PORTLAND – The heroism of Albanian Muslims, who sheltered and saved the life of their Jewish neighbors and Jewish refugees during WWII, is being celebrated in a Portland exhibition.
“By recounting the brave acts undertaken by ordinary people under extraordinary circumstances, this remarkable body of work reveals the capacity we each have to act with compassion, even when doing so may put one at great peril,” David Scholder, the marketing, and social media director at the Jewish Community Alliance, told The Forecaster on April 10.
The exhibition, “Besa: A Code of Honor – Muslim Albanians Who Rescued Jews During the Holocaust,” is a project of the Yad Vashem Holocaust Remembrance Center.
It consists of 16 large panels, each panel contains a photograph by Norman H. Gershman, accompanied by a brief text that tells the story of the people and their descendants who defied the law and protected the Jews of Albania.
One of the panels tells the story of Higmet Zyma and her husband, Bessim, who was a doctor. Bessim had a clinic in his basement and hid a Jewish man from Poland by wrapping his face in bandages.
“The Nazis did not bother us,” Higmet recalled.
Another panel recounts how Aishe Kadiu and her family sheltered two Jewish boys from Greece.
“When the Germans began house-to-house searches, my father took (the boys) to a remote village. We then supplied them will all their needs until the liberation,” Kadiu told Gershman. “Those years were fearful, but friendship overcame all fear.”
The exhibition is regarded as a chance to portray a true image of heroic Muslims, at a time of much negativity targeting Muslims.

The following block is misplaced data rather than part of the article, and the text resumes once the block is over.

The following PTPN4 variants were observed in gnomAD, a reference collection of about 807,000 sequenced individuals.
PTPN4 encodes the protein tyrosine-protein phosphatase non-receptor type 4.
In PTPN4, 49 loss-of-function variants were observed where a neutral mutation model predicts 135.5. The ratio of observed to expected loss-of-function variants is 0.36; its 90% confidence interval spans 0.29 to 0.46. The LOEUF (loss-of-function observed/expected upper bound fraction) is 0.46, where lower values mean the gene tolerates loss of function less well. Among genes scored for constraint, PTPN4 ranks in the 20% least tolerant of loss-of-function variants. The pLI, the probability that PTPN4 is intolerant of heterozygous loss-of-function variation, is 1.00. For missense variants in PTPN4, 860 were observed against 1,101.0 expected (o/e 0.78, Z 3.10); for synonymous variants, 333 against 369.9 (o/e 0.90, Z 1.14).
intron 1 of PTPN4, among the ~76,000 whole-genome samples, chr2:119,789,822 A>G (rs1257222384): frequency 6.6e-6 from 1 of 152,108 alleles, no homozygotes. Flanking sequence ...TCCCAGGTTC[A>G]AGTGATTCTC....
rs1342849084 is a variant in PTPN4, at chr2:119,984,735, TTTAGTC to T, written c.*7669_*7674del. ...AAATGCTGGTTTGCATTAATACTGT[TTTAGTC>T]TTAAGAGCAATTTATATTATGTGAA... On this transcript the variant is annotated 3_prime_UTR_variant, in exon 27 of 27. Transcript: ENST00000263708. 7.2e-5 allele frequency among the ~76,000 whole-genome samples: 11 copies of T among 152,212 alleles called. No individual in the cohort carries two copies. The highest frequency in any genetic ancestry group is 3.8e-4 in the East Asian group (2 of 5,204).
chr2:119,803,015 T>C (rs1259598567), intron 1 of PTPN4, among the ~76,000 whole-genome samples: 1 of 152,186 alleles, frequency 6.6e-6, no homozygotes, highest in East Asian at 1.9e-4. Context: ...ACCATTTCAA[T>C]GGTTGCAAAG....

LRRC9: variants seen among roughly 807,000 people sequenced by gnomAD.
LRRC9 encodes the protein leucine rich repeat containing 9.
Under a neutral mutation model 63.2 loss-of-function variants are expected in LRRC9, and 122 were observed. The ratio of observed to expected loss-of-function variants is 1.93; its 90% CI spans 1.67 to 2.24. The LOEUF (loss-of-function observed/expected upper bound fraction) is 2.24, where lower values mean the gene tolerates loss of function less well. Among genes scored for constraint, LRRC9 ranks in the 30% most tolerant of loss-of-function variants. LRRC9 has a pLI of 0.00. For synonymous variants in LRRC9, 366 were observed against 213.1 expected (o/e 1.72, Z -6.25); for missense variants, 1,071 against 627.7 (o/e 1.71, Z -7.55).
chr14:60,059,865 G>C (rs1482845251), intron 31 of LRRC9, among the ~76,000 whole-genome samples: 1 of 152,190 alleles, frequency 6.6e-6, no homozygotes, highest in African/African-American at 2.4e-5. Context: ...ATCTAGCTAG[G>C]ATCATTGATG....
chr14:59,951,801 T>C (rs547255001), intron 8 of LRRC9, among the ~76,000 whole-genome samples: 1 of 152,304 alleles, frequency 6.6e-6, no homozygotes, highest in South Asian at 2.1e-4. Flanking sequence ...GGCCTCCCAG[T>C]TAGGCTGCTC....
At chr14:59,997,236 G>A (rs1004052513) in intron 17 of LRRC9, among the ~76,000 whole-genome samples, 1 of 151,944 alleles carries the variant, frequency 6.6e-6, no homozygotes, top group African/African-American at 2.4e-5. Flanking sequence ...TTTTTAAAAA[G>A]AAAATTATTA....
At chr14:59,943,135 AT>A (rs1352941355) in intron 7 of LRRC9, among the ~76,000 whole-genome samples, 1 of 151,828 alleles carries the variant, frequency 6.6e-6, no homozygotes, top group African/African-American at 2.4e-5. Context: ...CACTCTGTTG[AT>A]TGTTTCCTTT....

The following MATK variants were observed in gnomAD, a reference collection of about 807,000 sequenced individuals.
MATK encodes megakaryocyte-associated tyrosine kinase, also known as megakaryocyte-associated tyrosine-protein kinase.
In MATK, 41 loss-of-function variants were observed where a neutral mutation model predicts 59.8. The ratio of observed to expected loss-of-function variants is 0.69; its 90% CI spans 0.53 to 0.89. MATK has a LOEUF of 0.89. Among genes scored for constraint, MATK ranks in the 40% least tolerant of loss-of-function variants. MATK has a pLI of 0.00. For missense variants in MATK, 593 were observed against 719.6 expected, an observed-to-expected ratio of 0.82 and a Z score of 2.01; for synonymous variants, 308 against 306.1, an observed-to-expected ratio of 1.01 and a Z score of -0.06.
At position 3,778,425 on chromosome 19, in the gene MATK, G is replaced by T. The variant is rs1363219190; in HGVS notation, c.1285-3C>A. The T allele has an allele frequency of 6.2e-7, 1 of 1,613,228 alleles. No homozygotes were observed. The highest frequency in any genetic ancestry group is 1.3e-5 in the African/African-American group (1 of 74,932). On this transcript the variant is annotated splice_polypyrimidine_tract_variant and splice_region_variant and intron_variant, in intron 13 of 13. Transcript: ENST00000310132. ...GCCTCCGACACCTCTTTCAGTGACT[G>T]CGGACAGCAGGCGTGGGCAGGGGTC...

“Albania succeeded where other European nations failed,” according to a Jewish Community Alliance press release.
“Following the German occupation, the Albanian(s) refused to comply with orders to turn over lists of Jews. Moreover, various governmental agencies provided many Jewish families with fake documentation that allowed them to intermingle (with) the rest of the population.
“The Albanians not only protected their (own) Jewish citizens but also provided sanctuary to Jewish refugees,” the release continued. “The remarkable assistance afforded to the Jews was grounded in Besa, a code of honor, which still … serves as the highest ethical code in the country.”
Scholder said telling the story of how Albanian Muslims saved Jews during WWII is especially important “at a time when negative images of Muslims, immigrants and asylum seekers persist in the media landscape and the national conversation.”
“The Besa story presents a very different perspective,” he said, “one characterized by empathy and courageousness. (The exhibit is also) … an inspiring story of interfaith cooperation and Holocaust history. As fewer and fewer Holocaust survivors remain, exhibits like this become increasingly important to ensure that the Holocaust is not forgotten.”
“We hope that visitors will be moved and inspired by the humanity, kindness, and warmth embodied in these photographs and stories,” Scholder added.
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